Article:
Donald is eight when what he refers to as “the trouble” begins. There is an accident, then there are the police, with them coming a barrage of questions — meaning that Donald and his mum are uprooted from their community.
Eight years later and Donald is still a child in many ways, unable to move on from that fateful day. Something of a loner, he strikes up a friendship with a quiet, vulnerable schoolboy with a love of horror stories, not realising that anyone might not approve of him spending time with Jake.
Our view of Donald changes as we see more of his character and his life — slowly peeling away the label that society has burdened him with.
Robert Williams, award-winning writer of Luke And Jon, presents the reader with subtle questions on the issue of morality, loneliness and trying to do the right thing.
His sensitive portrayal of a childhood interrupted and tarnished with tragedy is deeply moving, a feeling amplified by the sense of place and detail he creates.
It may not be an easy read, but it is most definitely an engaging one.
Paul Sussman’s fourth novel arrived on the reviews desk only a few weeks after he died suddenly at the horribly early age of 45.
Like his previous books, it combines his passion for archaeology and the history of Ancient Egypt with well-drawn characters and a page-turning plot.
Its 500-plus pages travel across borders between Egypt, Israel and America and across generations, bringing to life a cast of believable characters the reader cares about.
But it is the central characters — an Egyptian policeman and his Israeli counterpart — that really pull the reader into the tale which takes on issues including cyber-crime, sex-trafficking and sectarian hatred.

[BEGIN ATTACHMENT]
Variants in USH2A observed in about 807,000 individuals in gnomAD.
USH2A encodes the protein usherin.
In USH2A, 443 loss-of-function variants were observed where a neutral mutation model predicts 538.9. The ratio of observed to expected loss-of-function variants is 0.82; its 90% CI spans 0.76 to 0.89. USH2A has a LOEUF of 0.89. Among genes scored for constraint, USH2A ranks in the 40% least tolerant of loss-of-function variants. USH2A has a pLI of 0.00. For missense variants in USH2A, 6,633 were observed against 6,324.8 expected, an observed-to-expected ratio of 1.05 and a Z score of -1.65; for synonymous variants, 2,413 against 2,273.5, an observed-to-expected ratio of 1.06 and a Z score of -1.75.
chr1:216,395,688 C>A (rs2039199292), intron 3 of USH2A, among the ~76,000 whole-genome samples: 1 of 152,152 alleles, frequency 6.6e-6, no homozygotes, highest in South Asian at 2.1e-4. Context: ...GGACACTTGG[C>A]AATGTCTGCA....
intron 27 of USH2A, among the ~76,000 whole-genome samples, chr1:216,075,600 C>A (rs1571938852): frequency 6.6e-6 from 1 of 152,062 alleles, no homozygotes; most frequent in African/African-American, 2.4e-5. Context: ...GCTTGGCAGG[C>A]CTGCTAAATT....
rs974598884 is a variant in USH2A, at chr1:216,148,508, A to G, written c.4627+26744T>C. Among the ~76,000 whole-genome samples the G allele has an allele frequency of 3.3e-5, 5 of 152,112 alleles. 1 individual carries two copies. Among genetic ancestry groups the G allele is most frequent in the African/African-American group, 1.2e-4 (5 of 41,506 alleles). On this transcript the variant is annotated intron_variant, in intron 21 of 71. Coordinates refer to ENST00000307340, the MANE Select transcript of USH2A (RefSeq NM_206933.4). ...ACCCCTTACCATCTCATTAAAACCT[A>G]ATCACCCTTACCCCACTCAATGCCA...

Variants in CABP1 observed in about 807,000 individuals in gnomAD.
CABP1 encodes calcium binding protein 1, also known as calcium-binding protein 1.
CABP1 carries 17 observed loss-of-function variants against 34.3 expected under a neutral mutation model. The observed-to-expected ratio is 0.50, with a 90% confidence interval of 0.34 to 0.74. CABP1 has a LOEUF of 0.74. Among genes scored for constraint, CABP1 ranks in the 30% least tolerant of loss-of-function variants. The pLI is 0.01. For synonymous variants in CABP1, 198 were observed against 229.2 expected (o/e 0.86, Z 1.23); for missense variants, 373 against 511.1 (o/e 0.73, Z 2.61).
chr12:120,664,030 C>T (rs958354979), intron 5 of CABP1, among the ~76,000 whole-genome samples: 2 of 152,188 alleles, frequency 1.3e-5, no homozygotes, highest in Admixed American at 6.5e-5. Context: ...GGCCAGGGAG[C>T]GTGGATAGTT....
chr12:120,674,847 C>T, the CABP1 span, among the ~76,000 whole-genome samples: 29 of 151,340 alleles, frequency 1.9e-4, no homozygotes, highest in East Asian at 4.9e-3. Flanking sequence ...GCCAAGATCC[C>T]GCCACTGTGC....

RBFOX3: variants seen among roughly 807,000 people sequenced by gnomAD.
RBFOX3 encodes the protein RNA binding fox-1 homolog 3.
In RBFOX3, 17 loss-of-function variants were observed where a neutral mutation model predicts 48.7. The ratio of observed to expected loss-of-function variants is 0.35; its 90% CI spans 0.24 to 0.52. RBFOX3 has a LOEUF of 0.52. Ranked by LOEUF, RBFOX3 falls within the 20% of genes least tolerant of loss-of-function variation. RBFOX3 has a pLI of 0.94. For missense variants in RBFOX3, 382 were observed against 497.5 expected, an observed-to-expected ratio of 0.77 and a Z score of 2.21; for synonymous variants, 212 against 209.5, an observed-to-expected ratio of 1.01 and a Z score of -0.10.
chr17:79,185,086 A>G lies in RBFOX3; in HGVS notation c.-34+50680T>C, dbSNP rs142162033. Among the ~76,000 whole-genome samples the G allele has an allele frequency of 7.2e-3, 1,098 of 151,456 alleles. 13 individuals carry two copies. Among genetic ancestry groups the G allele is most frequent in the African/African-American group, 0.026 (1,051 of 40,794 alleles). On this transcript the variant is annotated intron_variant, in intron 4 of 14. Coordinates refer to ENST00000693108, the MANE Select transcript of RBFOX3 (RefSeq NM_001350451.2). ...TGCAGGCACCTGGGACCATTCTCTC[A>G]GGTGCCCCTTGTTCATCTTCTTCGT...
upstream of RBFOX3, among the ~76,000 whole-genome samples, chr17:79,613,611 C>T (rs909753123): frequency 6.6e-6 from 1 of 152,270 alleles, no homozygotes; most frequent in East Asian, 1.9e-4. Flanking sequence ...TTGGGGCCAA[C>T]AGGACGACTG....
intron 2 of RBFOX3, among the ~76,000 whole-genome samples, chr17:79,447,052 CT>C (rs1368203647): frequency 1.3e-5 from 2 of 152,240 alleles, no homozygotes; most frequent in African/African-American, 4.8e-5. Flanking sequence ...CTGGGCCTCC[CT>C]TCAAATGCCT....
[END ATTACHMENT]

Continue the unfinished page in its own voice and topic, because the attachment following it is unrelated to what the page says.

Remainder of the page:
It would be a fitting tribute to a fine writer if this classy mix of crime novel and historical saga found its way on to the best-seller lists this year.
Italian author Davide Longo, who teaches writing in Turin, northern Italy, enjoys writing novels for adults and children.
The Last Man Standing, translated by Silvester Mazzarella, is his third novel for adults, following a well-known academic and writer as he tries to survive social anarchy in a future Italy.
Having taken refuge in a remote village after a scandal that saw him lose his job, Leonardo lives as a recluse, but lawlessness and disorder begin to intrude upon his life.
When he is forced to look after his estranged daughter and her brother-in-law, he faces a decision that will determine whether they live or die in this new hostile world.
With mesmerising control of language, Longo weaves a tale that will leave readers with much to think about long after they have put it down.
It must be the question asked by many opera fans — whatever happened to Madame Butterfly’s son?
If, like David Rain, you wondered the same, then The Heat Of The Sun is sure to be enlightening reading.
A university lecturer in literature and writing, Australian-born Rain has taken the tragic story of Cho Cho-San and developed it over the following decades.
Ben Pinkerton, the troubled illegitimate son of the geisha girl and an American naval lieutenant turned senator, comes to life once again in the pages of Rain’s novel, which also describes the major world events of the 1930s and 1940s.
Whisked away from his homeland and bounced around, ‘Trouble’, as Pinkerton becomes known, remains the centre of attention in every way imaginable.
The Heat Of The Sun will definitely not consign the talents of Rain to the shade.